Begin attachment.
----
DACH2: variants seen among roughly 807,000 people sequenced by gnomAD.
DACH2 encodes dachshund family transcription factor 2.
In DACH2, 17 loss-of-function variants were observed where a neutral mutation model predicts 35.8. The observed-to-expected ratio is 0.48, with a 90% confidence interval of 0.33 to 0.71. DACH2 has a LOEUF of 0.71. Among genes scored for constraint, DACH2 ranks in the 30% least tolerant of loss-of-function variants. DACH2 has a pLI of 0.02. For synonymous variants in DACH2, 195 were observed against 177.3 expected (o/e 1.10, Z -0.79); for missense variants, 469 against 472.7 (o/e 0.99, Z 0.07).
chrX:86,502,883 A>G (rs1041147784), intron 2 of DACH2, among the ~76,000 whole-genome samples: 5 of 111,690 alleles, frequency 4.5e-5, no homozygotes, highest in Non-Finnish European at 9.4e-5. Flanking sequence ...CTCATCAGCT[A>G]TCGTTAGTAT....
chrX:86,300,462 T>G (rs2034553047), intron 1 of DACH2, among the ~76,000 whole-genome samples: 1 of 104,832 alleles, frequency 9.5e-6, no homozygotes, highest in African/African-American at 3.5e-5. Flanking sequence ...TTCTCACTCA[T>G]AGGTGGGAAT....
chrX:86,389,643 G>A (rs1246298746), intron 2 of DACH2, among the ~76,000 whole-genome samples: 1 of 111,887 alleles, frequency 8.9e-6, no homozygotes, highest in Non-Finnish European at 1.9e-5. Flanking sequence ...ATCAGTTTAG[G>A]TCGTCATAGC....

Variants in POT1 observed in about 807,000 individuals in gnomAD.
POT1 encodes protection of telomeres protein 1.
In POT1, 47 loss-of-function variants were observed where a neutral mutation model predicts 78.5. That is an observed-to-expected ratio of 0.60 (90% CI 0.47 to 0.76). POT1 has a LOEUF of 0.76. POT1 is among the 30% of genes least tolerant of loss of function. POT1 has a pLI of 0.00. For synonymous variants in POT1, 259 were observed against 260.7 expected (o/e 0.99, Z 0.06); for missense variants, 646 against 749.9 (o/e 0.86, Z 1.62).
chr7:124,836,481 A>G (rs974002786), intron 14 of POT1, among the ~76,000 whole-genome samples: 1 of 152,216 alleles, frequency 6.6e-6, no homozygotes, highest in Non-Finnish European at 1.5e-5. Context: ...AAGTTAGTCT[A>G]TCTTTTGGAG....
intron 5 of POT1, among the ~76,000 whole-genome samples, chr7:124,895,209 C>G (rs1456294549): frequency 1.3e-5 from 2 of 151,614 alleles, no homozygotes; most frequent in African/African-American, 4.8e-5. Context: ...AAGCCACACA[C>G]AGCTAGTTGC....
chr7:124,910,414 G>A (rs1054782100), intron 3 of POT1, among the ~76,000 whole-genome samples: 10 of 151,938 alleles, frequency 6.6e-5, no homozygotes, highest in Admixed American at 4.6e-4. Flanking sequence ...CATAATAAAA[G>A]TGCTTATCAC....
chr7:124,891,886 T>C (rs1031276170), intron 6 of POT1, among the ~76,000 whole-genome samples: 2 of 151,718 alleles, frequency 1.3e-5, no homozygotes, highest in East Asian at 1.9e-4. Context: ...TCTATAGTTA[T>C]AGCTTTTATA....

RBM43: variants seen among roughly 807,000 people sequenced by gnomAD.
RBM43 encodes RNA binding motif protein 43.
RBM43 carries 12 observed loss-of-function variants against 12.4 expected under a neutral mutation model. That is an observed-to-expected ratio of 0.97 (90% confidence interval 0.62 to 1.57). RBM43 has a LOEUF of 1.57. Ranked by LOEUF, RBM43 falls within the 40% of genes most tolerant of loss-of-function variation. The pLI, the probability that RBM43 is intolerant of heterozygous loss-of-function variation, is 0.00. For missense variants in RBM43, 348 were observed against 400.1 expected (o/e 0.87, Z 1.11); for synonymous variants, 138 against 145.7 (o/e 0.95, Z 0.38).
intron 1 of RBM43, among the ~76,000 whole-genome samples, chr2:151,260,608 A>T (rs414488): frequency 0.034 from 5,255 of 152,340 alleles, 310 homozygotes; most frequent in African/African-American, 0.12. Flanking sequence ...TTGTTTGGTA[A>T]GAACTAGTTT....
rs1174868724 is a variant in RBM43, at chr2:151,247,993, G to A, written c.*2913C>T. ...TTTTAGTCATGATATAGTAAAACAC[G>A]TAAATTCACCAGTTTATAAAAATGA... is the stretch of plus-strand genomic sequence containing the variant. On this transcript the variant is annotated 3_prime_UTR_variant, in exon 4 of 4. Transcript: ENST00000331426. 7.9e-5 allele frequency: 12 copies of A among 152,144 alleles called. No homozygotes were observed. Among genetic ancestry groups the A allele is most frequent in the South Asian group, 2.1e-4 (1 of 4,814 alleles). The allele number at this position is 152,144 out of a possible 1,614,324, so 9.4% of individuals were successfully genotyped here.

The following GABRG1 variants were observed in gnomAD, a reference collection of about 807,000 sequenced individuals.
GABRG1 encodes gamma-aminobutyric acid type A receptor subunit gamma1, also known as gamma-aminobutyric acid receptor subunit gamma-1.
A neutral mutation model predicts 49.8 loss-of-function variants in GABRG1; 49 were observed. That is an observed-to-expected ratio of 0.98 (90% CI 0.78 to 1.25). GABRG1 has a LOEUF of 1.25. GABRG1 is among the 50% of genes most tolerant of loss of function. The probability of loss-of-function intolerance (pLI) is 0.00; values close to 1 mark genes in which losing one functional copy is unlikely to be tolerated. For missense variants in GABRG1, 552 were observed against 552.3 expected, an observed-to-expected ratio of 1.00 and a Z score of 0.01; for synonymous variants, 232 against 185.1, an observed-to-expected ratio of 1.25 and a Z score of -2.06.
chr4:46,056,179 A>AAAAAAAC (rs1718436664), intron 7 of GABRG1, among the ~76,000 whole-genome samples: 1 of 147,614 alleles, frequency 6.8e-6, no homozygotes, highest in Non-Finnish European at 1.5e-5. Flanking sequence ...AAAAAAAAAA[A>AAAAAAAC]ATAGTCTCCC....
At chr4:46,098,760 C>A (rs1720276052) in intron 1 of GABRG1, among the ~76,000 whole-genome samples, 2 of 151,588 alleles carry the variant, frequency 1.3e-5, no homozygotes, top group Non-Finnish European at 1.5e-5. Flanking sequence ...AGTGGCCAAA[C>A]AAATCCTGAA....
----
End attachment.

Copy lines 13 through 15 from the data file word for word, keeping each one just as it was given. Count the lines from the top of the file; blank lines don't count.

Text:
chr7:124,891,886 T>C (rs1031276170), intron 6 of POT1, among the ~76,000 whole-genome samples: 2 of 151,718 alleles, frequency 1.3e-5, no homozygotes, highest in East Asian at 1.9e-4. Context: ...TCTATAGTTA[T>C]AGCTTTTATA....

RBM43: variants seen among roughly 807,000 people sequenced by gnomAD.
RBM43 encodes RNA binding motif protein 43.